Quit your job, sell your house and move to the country. Well you don't have to go to this extreme but many people make this lifestyle change when they retire. Fully committed alpaca farming is the most consuming and potentially the most rewarding alpaca venture. If you already have land or currently have other livestock the transition or inclusion of alpacas may be minimal. This is for people who want daily hands on interaction with all aspects of animal care and breeding as well as the numerous business aspects.
Agistment is an arrangement with an established alpaca farm where you purchase one or more animals and they reside at the agisting farm. You pay a boarding fee to the agisting farm for the care and feeding of your animals. You, as the owner, make all decisions regarding your animals and are responsible for any marketing, breeding, or sales. This is attractive for people who don't have the space or time to be full time alpaca farmers but want to be fully involved with the business aspects of their herd.
Partial interest in an animal can be purchased with a wide range of participation options from hands on to totally hands off. Many farms, both large and small, welcome investors who want to benefit from the explosive growth of the alpaca industry without the day to day herd or business management responsibility. Investing in this way is highly speculative as success is dependent on the animals and mother nature.
There are a number of supporting activities on which a business can be built but the one most directly tied to the alpacas is fiber processing. Once the fiber is from the animal it must be sorted, and washed before it can be felted, spun, woven or otherwise turned into salable items. This can be done on an industrial scale, as in Peru, by hand or anywhere in between. As the American herd continues to grow the ability to process fiber will become more and more important.
Again, this depends on your specific conditions. An acre of good pasture can support approximately 15 to 20 alpacas.
In the US the lifespan is expected to be between 15 to 20 years. Some of the original imports are in this age range now.
Alpacas almost always deliver one baby called a cria. Twins are extremely rare and many times don't survive.
Gestation is approximately 11-1/2 months. This can vary by a month or more. Since alpaca are induced ovulators the breedings are timed for delivery to occur when the weather is most favorable.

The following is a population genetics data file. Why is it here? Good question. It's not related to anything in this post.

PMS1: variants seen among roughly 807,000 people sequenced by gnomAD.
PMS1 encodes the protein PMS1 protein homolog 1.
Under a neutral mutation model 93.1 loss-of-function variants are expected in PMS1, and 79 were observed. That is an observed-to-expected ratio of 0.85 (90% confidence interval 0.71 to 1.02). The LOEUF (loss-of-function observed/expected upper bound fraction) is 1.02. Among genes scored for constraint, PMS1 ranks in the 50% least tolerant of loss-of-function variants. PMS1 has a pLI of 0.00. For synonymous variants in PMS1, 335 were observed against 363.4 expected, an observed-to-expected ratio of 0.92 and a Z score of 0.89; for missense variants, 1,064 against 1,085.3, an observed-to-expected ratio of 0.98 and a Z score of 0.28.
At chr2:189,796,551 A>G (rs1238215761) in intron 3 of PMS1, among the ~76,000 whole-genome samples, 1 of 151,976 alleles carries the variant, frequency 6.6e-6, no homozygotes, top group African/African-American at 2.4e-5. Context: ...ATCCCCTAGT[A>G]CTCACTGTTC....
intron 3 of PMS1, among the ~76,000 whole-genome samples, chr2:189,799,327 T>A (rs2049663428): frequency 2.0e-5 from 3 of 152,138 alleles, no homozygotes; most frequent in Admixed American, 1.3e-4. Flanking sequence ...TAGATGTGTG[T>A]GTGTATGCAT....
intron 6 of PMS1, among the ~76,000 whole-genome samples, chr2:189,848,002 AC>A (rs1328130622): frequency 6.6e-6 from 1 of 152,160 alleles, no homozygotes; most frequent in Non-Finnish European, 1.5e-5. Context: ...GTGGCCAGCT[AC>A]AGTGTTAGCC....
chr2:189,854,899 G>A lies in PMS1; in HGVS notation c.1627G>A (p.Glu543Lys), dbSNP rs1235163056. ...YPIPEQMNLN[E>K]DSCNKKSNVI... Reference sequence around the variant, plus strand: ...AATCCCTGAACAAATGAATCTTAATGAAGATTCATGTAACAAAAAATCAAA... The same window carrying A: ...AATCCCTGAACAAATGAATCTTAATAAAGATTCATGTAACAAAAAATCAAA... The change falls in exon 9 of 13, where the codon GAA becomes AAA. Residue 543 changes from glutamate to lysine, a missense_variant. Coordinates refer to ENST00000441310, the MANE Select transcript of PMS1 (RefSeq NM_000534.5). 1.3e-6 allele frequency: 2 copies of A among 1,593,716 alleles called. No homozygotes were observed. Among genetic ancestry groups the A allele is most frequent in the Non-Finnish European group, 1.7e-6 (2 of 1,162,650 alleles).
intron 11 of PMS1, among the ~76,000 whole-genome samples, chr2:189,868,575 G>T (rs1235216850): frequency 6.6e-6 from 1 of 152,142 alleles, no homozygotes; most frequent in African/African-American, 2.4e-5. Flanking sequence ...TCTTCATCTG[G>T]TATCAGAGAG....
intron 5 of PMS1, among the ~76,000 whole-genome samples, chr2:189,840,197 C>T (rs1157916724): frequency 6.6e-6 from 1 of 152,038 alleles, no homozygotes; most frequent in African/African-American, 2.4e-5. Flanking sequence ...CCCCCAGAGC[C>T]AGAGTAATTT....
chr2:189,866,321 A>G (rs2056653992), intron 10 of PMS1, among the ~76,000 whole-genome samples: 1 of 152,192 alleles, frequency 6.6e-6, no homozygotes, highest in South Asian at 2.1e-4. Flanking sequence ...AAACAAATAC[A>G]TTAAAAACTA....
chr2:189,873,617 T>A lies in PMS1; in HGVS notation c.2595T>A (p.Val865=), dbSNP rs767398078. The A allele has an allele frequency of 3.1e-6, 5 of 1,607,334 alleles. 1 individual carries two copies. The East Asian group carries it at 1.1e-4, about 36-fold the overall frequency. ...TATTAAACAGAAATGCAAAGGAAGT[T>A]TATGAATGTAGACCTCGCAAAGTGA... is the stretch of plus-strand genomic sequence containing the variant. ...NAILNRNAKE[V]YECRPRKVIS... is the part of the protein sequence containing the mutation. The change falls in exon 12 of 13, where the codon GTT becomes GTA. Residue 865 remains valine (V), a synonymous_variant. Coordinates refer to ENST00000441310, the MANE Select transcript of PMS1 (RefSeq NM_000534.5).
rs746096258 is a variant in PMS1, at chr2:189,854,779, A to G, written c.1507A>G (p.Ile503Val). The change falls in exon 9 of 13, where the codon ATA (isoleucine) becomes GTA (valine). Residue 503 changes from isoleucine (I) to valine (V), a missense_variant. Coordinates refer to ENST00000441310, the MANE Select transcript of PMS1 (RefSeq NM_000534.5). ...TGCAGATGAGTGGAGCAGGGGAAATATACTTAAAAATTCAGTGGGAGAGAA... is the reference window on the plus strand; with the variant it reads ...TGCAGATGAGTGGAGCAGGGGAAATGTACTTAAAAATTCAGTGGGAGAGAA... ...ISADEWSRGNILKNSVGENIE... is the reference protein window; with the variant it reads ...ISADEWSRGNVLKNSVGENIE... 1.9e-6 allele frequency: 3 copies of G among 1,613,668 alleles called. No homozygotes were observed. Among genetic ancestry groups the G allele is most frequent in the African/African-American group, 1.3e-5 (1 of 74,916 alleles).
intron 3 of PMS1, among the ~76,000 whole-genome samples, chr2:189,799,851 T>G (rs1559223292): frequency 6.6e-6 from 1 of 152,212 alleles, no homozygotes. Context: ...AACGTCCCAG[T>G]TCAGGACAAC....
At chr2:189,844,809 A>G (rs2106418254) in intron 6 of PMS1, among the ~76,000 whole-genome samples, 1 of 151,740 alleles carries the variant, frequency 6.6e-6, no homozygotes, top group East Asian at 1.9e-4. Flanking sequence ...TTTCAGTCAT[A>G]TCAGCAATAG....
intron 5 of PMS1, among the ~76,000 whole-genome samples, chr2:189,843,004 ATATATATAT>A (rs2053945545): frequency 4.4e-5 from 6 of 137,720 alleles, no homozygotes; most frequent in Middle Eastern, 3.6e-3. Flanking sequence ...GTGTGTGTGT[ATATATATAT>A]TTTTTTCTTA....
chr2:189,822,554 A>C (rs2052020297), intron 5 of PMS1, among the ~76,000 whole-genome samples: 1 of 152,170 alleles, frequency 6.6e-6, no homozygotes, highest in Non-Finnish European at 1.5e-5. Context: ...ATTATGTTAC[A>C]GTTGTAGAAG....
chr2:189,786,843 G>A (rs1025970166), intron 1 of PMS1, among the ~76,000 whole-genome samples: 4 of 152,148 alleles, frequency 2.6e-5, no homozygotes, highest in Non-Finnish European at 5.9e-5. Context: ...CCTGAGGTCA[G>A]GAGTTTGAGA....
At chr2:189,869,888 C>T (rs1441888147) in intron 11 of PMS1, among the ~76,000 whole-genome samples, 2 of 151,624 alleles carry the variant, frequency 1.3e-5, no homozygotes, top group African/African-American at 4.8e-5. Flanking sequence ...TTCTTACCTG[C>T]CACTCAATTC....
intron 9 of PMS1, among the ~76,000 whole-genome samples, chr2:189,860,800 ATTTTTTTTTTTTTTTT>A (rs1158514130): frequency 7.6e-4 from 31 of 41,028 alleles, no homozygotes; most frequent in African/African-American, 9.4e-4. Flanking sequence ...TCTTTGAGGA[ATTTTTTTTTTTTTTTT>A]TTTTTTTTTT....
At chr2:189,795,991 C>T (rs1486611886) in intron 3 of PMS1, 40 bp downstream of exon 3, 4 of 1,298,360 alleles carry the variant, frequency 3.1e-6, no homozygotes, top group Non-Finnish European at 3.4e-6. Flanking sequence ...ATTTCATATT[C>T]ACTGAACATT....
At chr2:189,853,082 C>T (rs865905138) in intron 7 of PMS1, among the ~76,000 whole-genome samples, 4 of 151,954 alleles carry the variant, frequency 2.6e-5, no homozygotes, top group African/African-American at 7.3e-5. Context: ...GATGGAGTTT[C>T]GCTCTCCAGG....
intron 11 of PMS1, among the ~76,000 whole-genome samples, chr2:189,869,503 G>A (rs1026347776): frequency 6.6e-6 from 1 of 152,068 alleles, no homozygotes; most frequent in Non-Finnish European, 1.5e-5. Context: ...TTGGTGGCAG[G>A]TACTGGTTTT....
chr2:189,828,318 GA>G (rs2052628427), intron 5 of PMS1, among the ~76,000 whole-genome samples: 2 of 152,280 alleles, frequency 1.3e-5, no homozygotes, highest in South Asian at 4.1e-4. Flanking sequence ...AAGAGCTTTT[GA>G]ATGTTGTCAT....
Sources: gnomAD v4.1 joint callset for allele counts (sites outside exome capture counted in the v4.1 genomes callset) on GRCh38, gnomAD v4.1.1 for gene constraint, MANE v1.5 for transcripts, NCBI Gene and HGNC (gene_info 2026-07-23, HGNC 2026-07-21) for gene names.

Cria are usually between 10 and 22 pounds. Full grown animals can range from 130 to 170 pounds with large males at the high end.
Alpaca are generally easy to handle. It is not unusual to see a small child putting a full grown male through the paces of an obstacle course. Pregnant females are a little more difficult to handle but can be easily managed by adults. There are those animals that just don't like to be handled which require an experienced handler.
Alpaca do spit, but unlike there llama cousins they will rarely spit at you. You can get caught in the crossfire if two animals have their eye on the same feed bucket but you really need to aggravate an animal to draw direct fire. There are always exceptions.
No, alpaca come in over 130 distinct colors ranging from black to white, dark brown to cream, and several shades of silver. The ability to produce an almost limitless color pallet with no dye is a primary advantage of alpaca fiber. Still, the ability to dye the fiber is important and is why white is the predominant color in both South and North America.
Alpaca only have teeth in the bottom jaw with a hard pallet on the top so they can't really bite you and probably would not try.
There are numerous potential tax advantages to owning alpacas depending on how you choose to be involved and your specific situation. You should consult a tax accountant who is knowledgeable in the farm tax code to determine how you would be affected.
A Fiber Animal produces high quality fiber in sufficient quantity to make a profit. It may have a confomational defect or some other minor issue that keeps it from doing well in the show ring. A pet does not produce high quality fiber and may also have a slight conformational issue.
If you are still looking for more information about alpacas please contact us to set up a farm visit at (518) 692-2083 or firstname.lastname@example.org